A new travel authorization system is set to be introduced in Europe by 2023, requiring some visitors from outside the European Schengen Zone to register before visiting.
The European Travel Information and Authorization System (ETIAS) was initially slated to be rolled out in 2021 but the EU recently announced that it won’t be fully operational until May 2023. As part of the scheme, some visitors who live outside the EU will have to register and pay a €7 fee.
When it was first announced back in 2019, reports around the world referred to the new system as a ‘visa’, which the European Commission was quick to point out is incorrect. More than 60 countries have visa-free access to the European Union, which won’t change.
But residents of those countries, including the US, the UK, Canada, Brazil, Australia, Israel, Singapore, Mexico, and more, will have to register to enter the EU under the ETIAS scheme starting next year.
Residents of countries that need a visa to enter the EU for short-term stays are exempt from the new scheme.
Visitors can apply for the ETIAS online © Getty Images
How do travelers apply for an ETIAS?
These visitors must apply online through the ETIAS, using their passport and answering questions that include information about any previous criminal record, presence in conflict zones, and any orders to leave a territory. This works similarly to the US ESTA, conducting a quick, automated security check on visitors before allowing them entry.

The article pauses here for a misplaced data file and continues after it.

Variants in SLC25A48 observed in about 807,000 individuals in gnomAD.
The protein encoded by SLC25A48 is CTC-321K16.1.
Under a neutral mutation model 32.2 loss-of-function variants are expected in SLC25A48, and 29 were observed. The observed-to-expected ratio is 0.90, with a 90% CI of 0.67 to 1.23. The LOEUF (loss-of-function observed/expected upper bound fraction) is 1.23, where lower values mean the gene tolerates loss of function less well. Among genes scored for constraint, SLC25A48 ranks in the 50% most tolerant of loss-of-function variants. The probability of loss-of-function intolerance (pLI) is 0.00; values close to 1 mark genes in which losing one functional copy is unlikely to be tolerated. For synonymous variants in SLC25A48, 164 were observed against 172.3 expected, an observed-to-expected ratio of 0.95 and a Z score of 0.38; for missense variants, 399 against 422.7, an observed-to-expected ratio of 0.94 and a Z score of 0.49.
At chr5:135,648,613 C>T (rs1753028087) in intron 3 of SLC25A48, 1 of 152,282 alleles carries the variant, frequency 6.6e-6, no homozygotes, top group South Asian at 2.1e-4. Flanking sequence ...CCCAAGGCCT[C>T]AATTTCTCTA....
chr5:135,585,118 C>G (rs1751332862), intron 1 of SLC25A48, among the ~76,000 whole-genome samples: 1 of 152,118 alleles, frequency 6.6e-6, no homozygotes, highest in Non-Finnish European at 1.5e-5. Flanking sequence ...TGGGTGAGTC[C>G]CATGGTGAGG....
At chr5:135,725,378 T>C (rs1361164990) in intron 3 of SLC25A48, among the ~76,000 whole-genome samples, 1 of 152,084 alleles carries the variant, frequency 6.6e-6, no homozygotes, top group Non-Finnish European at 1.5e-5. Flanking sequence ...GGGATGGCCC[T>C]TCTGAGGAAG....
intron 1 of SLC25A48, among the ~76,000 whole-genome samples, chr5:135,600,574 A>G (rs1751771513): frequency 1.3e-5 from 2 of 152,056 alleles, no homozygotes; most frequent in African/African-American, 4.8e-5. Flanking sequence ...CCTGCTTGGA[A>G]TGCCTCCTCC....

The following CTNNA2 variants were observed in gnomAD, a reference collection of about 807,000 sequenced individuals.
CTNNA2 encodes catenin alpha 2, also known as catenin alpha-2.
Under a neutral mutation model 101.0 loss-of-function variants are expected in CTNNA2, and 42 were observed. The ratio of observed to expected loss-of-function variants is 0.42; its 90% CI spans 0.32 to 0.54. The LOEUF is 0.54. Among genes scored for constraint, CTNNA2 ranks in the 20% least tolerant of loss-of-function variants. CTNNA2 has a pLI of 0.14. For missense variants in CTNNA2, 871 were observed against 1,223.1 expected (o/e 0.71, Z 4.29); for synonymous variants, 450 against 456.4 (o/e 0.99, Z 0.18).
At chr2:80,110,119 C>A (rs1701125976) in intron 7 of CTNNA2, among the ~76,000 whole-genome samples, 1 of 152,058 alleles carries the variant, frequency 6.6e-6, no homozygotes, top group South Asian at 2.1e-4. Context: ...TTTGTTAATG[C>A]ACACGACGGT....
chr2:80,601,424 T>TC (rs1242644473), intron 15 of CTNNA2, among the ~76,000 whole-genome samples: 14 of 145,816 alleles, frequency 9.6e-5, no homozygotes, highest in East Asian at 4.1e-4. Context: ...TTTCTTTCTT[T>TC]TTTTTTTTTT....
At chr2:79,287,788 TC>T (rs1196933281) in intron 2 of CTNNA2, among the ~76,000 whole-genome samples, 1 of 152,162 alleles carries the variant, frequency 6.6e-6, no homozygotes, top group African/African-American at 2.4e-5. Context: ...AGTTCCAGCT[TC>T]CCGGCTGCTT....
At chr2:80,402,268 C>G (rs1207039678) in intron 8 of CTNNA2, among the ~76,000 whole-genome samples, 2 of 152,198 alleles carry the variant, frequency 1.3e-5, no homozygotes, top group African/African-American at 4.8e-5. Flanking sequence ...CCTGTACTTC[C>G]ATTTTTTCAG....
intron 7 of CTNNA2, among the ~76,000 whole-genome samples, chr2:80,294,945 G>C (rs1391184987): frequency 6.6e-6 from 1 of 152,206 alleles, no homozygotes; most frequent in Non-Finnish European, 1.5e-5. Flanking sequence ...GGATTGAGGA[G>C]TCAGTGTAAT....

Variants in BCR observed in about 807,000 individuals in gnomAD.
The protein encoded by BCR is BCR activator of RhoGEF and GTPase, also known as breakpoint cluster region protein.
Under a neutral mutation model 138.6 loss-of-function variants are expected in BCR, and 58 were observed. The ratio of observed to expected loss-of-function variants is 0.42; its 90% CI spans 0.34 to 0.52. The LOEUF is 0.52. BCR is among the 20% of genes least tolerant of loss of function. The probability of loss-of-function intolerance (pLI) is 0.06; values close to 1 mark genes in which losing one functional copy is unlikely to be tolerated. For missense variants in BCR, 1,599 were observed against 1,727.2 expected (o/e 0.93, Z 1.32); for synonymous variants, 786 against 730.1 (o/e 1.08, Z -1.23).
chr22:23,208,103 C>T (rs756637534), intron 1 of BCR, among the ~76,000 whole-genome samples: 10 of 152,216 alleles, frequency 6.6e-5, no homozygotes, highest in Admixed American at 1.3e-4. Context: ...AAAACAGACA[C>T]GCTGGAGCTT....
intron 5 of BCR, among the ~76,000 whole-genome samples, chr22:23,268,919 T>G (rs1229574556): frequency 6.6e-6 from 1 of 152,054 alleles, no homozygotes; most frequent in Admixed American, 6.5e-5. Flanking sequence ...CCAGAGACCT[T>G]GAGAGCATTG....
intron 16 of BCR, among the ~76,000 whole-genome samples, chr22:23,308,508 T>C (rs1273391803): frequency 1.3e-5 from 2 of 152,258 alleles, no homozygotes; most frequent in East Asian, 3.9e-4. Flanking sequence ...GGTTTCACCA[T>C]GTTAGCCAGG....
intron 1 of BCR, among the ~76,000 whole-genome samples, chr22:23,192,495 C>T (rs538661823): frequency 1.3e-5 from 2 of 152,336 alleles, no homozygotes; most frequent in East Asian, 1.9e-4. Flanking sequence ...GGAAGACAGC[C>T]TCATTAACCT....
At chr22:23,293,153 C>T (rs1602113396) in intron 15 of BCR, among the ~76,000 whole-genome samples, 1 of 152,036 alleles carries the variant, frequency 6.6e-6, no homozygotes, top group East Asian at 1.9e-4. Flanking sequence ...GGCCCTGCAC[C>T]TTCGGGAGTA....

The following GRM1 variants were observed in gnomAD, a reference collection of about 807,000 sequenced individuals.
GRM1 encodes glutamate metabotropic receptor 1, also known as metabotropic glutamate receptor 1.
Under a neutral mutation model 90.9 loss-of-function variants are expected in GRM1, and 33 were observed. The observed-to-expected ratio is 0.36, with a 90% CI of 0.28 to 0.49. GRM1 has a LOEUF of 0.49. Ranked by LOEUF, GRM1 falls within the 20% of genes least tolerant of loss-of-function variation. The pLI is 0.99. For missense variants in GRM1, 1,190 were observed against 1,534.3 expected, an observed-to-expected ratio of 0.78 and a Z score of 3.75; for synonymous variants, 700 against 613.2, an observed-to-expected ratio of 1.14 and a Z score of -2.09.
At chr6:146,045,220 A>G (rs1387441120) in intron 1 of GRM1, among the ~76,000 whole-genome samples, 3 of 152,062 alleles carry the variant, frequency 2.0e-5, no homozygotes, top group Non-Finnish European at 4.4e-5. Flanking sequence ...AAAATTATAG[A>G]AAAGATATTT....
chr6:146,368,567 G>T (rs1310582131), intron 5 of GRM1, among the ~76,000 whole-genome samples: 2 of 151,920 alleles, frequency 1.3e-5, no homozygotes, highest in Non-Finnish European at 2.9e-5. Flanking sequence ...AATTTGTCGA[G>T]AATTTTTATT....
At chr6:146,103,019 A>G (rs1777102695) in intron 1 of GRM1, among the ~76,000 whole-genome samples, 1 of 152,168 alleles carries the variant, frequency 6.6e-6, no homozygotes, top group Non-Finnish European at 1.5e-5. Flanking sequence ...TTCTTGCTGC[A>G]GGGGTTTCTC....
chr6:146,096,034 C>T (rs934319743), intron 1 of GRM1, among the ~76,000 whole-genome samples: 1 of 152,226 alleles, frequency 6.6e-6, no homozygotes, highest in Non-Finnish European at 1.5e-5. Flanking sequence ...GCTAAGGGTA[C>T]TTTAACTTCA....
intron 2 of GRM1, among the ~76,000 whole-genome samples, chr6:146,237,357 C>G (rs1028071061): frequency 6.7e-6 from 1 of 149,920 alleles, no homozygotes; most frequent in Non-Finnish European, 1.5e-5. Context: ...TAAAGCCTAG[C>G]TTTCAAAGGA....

The application will cost €7 (£6 / US$7.42) and it’s estimated that 95% of people will get a positive response within minutes. Out of the remaining applications, 3-4% may need a little longer to process while just 1-2% will be forwarded for a longer, manual review with the potential for refusal. The ETIAS will then be valid for three years.
Where is the ETIAS needed for travel?
Airlines will need to check passports before boarding to ensure you’ve been approved. If you get to a border check without securing the authorization, you will be denied entry.
Perhaps confusingly, the ETIAS will not be needed for every EU country but rather for those in the Schengen Area, who have abolished all controls at their mutual borders. Currently, Ireland, Romania, Bulgaria, Cyprus, and Croatia do not fall within that area so an ETIAS will not be required to travel to those European countries.
The Commission says the new system will improve security while reinforcing its commitment to greater access to visa-free travel.